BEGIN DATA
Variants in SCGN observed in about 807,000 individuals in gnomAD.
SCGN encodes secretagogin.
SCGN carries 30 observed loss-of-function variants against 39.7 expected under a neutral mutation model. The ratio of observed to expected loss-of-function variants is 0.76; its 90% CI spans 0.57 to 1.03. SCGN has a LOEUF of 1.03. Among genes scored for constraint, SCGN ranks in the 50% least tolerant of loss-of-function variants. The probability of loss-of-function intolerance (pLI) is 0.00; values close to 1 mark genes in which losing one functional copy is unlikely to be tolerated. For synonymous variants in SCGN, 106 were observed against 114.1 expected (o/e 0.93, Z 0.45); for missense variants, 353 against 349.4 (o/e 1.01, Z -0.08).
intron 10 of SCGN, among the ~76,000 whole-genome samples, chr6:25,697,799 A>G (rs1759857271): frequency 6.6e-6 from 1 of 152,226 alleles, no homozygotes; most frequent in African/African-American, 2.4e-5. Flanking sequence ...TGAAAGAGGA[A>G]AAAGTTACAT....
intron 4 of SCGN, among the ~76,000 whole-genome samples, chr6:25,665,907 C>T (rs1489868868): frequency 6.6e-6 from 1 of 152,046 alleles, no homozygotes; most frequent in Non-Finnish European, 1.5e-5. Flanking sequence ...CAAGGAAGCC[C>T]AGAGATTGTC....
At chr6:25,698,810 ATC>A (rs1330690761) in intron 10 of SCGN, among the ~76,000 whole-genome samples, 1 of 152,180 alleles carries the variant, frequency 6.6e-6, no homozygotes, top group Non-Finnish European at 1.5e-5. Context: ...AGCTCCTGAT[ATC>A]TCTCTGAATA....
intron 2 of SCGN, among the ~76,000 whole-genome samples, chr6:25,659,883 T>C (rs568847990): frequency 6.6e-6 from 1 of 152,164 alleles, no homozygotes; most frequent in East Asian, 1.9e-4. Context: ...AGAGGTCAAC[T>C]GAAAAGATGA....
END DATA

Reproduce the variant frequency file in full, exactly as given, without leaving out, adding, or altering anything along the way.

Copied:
Variants in SCGN observed in about 807,000 individuals in gnomAD.
SCGN encodes secretagogin.
SCGN carries 30 observed loss-of-function variants against 39.7 expected under a neutral mutation model. The ratio of observed to expected loss-of-function variants is 0.76; its 90% CI spans 0.57 to 1.03. SCGN has a LOEUF of 1.03. Among genes scored for constraint, SCGN ranks in the 50% least tolerant of loss-of-function variants. The probability of loss-of-function intolerance (pLI) is 0.00; values close to 1 mark genes in which losing one functional copy is unlikely to be tolerated. For synonymous variants in SCGN, 106 were observed against 114.1 expected (o/e 0.93, Z 0.45); for missense variants, 353 against 349.4 (o/e 1.01, Z -0.08).
intron 10 of SCGN, among the ~76,000 whole-genome samples, chr6:25,697,799 A>G (rs1759857271): frequency 6.6e-6 from 1 of 152,226 alleles, no homozygotes; most frequent in African/African-American, 2.4e-5. Flanking sequence ...TGAAAGAGGA[A>G]AAAGTTACAT....
intron 4 of SCGN, among the ~76,000 whole-genome samples, chr6:25,665,907 C>T (rs1489868868): frequency 6.6e-6 from 1 of 152,046 alleles, no homozygotes; most frequent in Non-Finnish European, 1.5e-5. Flanking sequence ...CAAGGAAGCC[C>T]AGAGATTGTC....
At chr6:25,698,810 ATC>A (rs1330690761) in intron 10 of SCGN, among the ~76,000 whole-genome samples, 1 of 152,180 alleles carries the variant, frequency 6.6e-6, no homozygotes, top group Non-Finnish European at 1.5e-5. Context: ...AGCTCCTGAT[ATC>A]TCTCTGAATA....
intron 2 of SCGN, among the ~76,000 whole-genome samples, chr6:25,659,883 T>C (rs568847990): frequency 6.6e-6 from 1 of 152,164 alleles, no homozygotes; most frequent in East Asian, 1.9e-4. Context: ...AGAGGTCAAC[T>C]GAAAAGATGA....